‘It has been difficult to work as a group as they come back with the research they have done but not the research itself, so I can’t go away and look at it myself and make my own mind up. I found that really frustrating and constantly ask them to put the reference of the research at the top. Some of them seem to get away with not doing much research and just regurgitate what the internet is saying. I think that is why I find the group work hard because I want to make my own mind up rather than being told by someone else.’
Christine spoke of the way she felt liberated as a student teacher and that she could have a stance in the many issues and debates in education even though she felt it was challenging.

‘I really enjoyed the ideologies of education scenario as this made me change my ideas of education and made me look back to my own education. It was the first time I had really looked at different ideologies of education and I loved the way we could discuss the advantages and disadvantages with our PBL group.’

‘In the first year I felt that professional studies was information we needed to learn but never really got to argue or discuss some of the lectures as I felt that was not allowed. In PBL this is completely different, after a lecture we are encouraged to disagree with the lecture and provide evidence as to why we don’t agree. It does have a disadvantage though, in that whenever we tackle an issue it opens up a can of worms and it can get confusing at first but I like it that way, its more of a challenge.’
Professional Identity PBL offers a learning situation which promotes self development and self-discovery
(Savin-Baden, 2000)

‘..emphasises aspects of experience which go deeper than the merely cognitive, and which reflect its essential relational, social and agentic character.’ (Salmon, 1989: 231)

‘….so my mom had already made the decision and spoken to my teacher in the staff room. (Laughter) so the decision was made for me, however having said that now, the way it panned out I was very happy, but at the time I think I begrudged that, but I didn't have the power to say anything else.’ John

Learners prefer not to be constantly controlled and directed, Pollard (1994)

‘It was really nice to be able to go away and research things for myself instead of relying on the lecturers all the time to feed us the information. I really like working like this as it gave me a sense of myself doing the learning, if that makes sense.’ Christine
Learner Identity Assessment needs to fit the philosophy of active
learning rather than passive reproductive learning. . .
It may be preferable, and more rigorous, for assessments to follow the PBL philosophy and to require the individual to analyze a problem, search for and then apply relevant information. (Reynolds, 1997, p. 272) Assessment in PBL PBL assessments should be authentic, which is to say
that they should be structured so that students can
display their understanding of problems and their
solutions in contextually-meaningful ways (Gallagher,
1997). Creating An Appropriate Problem


Relevancy
focus problems on current events, student lives, or relationships to actual occurrences at the local, national, or international level.
maintain motivation
Content reasonable for the time allotted.
ability of students to transfer their acquired skills and knowledge to life outside the classroom, and their ability to solve real world problems.
Coverage: to help ensure your problem will guide students to appropriate information :
Identify the big picture, major concept, or main idea
Identify the basic facts and concepts students have to uncover as they solve the problem.
Create a problem that not only focuses students on the large problem but also takes them through the objectives.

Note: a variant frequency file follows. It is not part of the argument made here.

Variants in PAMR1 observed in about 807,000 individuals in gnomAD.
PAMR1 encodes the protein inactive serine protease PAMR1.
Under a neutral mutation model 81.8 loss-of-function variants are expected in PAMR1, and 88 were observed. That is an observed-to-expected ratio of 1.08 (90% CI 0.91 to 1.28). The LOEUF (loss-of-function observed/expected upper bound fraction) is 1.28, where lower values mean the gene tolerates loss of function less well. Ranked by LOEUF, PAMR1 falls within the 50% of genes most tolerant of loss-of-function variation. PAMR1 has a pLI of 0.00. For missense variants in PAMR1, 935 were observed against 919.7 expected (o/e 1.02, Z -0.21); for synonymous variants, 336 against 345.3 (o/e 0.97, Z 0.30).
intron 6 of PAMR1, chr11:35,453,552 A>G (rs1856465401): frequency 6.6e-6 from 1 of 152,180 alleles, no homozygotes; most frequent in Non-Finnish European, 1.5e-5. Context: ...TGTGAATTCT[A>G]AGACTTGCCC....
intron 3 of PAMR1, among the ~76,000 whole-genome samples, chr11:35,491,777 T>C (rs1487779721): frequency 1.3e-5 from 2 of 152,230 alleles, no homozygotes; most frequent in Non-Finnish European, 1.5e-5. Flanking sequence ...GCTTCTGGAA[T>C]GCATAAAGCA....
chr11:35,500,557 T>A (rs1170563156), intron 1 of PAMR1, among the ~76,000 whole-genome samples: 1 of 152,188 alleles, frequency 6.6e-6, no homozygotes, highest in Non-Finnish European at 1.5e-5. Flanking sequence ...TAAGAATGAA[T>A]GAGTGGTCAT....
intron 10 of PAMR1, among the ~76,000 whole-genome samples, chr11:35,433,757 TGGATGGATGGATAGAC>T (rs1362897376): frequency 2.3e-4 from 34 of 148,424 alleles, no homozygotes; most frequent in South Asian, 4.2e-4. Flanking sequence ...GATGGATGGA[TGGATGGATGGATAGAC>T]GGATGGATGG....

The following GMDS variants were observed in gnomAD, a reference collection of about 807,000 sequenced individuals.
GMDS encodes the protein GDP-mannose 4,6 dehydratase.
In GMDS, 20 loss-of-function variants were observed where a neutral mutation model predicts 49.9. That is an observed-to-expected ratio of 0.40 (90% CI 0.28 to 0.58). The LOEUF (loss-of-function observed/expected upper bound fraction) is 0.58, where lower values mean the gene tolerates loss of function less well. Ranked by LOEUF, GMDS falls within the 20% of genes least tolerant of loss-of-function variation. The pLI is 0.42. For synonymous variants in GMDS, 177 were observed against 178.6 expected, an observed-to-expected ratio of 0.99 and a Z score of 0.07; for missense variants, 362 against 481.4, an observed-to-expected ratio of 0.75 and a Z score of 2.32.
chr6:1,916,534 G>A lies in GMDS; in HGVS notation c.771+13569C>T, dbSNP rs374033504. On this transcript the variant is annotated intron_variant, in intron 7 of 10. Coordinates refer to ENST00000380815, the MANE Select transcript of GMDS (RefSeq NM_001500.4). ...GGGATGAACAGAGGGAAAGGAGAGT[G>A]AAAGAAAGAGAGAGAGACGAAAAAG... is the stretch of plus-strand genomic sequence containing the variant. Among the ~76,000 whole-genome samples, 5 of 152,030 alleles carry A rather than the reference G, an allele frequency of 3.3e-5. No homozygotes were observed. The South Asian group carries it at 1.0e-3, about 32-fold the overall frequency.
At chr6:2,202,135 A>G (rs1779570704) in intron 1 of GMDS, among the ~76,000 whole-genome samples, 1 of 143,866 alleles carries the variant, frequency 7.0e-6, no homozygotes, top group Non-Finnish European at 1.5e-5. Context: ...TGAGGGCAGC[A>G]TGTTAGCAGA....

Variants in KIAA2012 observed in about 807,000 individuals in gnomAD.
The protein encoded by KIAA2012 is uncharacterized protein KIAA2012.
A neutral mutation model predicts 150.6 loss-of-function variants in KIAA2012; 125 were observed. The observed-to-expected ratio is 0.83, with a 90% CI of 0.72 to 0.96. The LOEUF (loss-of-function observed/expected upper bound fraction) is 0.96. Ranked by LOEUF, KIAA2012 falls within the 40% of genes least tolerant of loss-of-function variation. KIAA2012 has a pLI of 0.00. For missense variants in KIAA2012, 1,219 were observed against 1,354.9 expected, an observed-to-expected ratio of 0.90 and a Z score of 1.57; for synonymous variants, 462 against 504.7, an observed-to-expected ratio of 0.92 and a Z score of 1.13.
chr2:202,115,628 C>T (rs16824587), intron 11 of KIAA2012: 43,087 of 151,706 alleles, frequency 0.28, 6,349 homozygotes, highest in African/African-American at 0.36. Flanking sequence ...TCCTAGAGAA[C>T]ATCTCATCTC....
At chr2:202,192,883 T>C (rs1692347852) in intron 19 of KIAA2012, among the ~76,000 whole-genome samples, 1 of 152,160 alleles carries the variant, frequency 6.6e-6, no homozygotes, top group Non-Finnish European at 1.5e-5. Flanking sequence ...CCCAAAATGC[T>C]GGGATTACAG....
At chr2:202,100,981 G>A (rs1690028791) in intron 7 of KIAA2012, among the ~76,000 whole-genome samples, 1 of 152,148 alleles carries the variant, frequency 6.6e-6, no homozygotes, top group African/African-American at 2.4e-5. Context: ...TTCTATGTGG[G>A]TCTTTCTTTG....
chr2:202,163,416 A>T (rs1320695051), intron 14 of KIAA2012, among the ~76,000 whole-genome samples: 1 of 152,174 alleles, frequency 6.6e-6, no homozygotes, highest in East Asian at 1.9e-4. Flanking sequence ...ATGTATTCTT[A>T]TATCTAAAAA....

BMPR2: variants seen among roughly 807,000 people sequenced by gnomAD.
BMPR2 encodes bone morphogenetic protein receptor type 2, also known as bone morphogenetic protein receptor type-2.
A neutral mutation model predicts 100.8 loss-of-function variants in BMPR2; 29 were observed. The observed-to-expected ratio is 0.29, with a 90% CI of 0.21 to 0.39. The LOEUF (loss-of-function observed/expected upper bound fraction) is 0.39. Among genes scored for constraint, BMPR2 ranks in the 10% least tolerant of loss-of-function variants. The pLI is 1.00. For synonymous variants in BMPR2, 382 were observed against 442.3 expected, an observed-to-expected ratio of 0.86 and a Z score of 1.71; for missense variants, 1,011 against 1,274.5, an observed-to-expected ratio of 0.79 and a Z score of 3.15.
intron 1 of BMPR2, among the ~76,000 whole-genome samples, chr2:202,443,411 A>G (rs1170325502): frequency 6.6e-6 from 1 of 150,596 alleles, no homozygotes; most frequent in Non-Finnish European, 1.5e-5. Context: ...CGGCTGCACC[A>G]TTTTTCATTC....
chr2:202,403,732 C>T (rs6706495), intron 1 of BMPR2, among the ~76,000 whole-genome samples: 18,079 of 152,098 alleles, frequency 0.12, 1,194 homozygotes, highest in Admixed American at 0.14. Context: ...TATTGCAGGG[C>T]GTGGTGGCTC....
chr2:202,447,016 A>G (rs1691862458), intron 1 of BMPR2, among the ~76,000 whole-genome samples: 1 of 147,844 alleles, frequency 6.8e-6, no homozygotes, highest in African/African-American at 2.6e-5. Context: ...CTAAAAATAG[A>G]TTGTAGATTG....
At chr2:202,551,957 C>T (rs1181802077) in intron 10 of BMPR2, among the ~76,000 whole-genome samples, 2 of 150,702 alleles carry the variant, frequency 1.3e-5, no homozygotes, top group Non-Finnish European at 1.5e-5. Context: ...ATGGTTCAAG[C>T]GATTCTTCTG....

Make sure resources are available for students to reference during their problem analysis and solution.
Complexity
Helps ensure that there is no "one right" answer. Having multiple correct answers that approach the problem from various perspectives and solutions can springboard to class discussions that stimulate student higher level thinking.
Often allow for the integration of interdisciplinary solutions; a common occurrence in solving real world problems.
Complex problems usually require learners to exhibit management, research, and thinking skills that help distinguish less expert from more expert performers (Albanese & Mitchell, 1993). This differentiation can help serve as a grading standards in the class. PBL problems should be created with (Bridges, 1992):

1.introduction,
2.content,
3.learning objectives,
4.resources,
5.expected outcome,
6.guiding questions,
7.assessment exercises,
8.time frame. Reports : Written communication is another skill important for students. Requiring written reports allows students to practice this form of communication. Concept maps : Much of the learning that goes on during PBL is more than just a compilation of facts. As such, written examinations may not be an adequate measure of student growth. Requiring students to generate concept maps, in which they depict their knowledge through the creation of identified nodes and links, may present another option to determine their cognitive growth. Peer assessment : Because life outside the classroom usually requires working with others, peer assessment is a viable option to measure student growth. Providing students with an evaluation rubric often helps guide the peer evaluation process. This process also emphasizes the cooperative nature of the PBL environment. Self assessment : An important element of PBL is to help students identify gaps in their knowledge base in order for more meaningful learning to result. Self assessment allows students to think more carefully about what they know, what they do not know, and what they need to know to accomplish certain tasks. Facilitators/tutor assessment : The feedback provided by tutors should encourage the students to explore different ideas. It is important that facilitators not dominate the group, facilitate learning and exploration. Tutor assessment may consist of how successful individuals interacted with their group and their cognitive growth. Oral Presentations : Because so much of work life revolves around presenting ideas and results to peers, oral presentation in PBL provide students an opportunity to practice their communication skills. Presenting findings to their group, the class, or even a real-life audience can help strengthen these skills. Student